Earle Baldwin wrote:MBI's Penn Central book recently went out of print and copies already seem to have dried up. I'm fortunate to have purchased the book as it's very well done. I believe the Amtrak, Conrail and New Haven volumes in MBI's "Railroad Color History" series have been withdrawn from print as well. It certainly doesn't take long for prices to go up.
I was recently speaking with some fellow train people who were bemoaning the fact modern era production models don't hold or appreciate in value like older equipment. I told them to start buying books instead. It seems once a well done book goes out of print, there's a fan of that road, era or locomotive who will pay big bucks for it. Over the years, I've sold or traded any number of books I wished I had kept once I saw their prices in the secondary market.
I totally agree with this one. The MBI books are good and worth owning and keeping. I also agree that the value of good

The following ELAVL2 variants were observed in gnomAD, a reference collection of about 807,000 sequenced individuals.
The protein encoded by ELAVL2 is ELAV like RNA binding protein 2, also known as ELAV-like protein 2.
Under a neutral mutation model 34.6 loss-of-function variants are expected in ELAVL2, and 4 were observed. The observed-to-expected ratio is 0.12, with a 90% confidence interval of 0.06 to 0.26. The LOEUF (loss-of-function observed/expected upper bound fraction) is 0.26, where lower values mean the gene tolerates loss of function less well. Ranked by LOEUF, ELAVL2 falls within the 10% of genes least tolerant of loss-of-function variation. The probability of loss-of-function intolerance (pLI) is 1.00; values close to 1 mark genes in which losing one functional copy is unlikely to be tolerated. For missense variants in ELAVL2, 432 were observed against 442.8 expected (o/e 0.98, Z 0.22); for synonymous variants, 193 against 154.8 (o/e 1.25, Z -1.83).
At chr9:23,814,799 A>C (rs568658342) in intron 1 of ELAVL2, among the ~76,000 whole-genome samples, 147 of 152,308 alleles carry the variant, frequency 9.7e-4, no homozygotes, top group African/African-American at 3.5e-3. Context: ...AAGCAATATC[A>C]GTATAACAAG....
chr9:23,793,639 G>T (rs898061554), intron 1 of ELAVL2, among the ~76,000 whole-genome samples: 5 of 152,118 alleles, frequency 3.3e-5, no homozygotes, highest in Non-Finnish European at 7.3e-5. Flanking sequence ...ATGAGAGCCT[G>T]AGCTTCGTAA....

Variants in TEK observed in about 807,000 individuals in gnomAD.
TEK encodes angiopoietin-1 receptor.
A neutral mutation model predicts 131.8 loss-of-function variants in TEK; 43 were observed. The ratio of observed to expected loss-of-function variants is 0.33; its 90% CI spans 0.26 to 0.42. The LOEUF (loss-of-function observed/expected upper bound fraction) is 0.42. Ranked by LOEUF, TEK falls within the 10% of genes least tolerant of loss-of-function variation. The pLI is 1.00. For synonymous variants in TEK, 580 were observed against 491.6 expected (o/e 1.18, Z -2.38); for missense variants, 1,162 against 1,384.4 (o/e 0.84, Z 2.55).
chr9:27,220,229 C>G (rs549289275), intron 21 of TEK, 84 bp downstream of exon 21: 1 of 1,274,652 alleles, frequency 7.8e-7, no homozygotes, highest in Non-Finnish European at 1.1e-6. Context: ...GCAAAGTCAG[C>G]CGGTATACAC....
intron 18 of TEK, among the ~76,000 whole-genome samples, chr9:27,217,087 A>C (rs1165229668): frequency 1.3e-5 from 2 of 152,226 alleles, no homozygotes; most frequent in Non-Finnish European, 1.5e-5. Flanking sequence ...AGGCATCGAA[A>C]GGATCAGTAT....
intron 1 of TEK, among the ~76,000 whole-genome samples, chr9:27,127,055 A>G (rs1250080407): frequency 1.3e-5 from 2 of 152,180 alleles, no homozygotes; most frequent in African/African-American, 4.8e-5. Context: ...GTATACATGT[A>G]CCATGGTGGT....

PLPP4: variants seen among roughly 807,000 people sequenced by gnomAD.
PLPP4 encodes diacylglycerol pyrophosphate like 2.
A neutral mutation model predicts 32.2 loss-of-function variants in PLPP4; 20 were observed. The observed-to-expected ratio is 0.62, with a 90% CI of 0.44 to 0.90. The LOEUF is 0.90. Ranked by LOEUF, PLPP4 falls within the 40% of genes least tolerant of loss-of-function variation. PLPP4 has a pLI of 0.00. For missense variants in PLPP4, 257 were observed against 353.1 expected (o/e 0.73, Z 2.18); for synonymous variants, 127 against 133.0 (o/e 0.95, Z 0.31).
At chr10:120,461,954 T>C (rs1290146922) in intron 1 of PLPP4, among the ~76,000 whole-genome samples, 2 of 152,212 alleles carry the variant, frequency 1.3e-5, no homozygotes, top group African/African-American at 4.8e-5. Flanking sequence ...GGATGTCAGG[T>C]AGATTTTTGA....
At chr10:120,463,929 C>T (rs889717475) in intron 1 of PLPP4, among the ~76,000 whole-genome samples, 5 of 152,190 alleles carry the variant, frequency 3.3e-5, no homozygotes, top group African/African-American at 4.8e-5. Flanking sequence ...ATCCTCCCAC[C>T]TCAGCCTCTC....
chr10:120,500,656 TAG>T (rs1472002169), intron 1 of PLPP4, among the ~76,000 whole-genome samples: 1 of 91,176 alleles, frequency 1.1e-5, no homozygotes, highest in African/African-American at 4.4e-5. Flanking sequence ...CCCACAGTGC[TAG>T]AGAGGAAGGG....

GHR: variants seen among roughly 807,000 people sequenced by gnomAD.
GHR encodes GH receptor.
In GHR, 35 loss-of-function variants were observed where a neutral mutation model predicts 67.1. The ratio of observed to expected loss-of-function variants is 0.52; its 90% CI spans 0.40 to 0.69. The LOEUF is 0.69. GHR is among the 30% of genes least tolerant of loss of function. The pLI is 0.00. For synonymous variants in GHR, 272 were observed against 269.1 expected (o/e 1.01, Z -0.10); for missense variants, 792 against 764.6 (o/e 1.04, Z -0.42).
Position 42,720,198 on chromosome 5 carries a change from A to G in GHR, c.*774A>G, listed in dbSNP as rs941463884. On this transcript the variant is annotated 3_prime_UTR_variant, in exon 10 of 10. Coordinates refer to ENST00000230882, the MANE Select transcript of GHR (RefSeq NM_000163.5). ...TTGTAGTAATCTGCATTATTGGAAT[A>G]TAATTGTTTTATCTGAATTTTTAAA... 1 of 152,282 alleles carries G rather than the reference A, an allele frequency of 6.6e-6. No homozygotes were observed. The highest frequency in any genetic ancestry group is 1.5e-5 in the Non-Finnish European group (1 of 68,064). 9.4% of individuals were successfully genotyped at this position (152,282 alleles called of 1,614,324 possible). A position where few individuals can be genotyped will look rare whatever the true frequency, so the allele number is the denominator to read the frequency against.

books increases as does interest often and sometimes out of print books can bring in big bucks. I remember the New
Haven event last year when I had a few out of print books and sold some for a pretty good buck. In order to be valuable
a book has to be accurate (quite a few of them are not), has to be about an interesting topic and well done and finally
somebody or many somebodies have to be interested in owning them.
I have sold more out of print books than I have bought but I have bought a few over the years and a couple of them I paid
pretty big bucks for too.
I have no interest in model or toy trains but it would seem to me that paper (books, timetables etc) would increase in
value over the years far more than models would.
Whether you liked the Penn Central or not, it was an interesting period and an interesting history and more may get
printed and published on this topic in the coming period. A lot of interesting things happened in those eight years.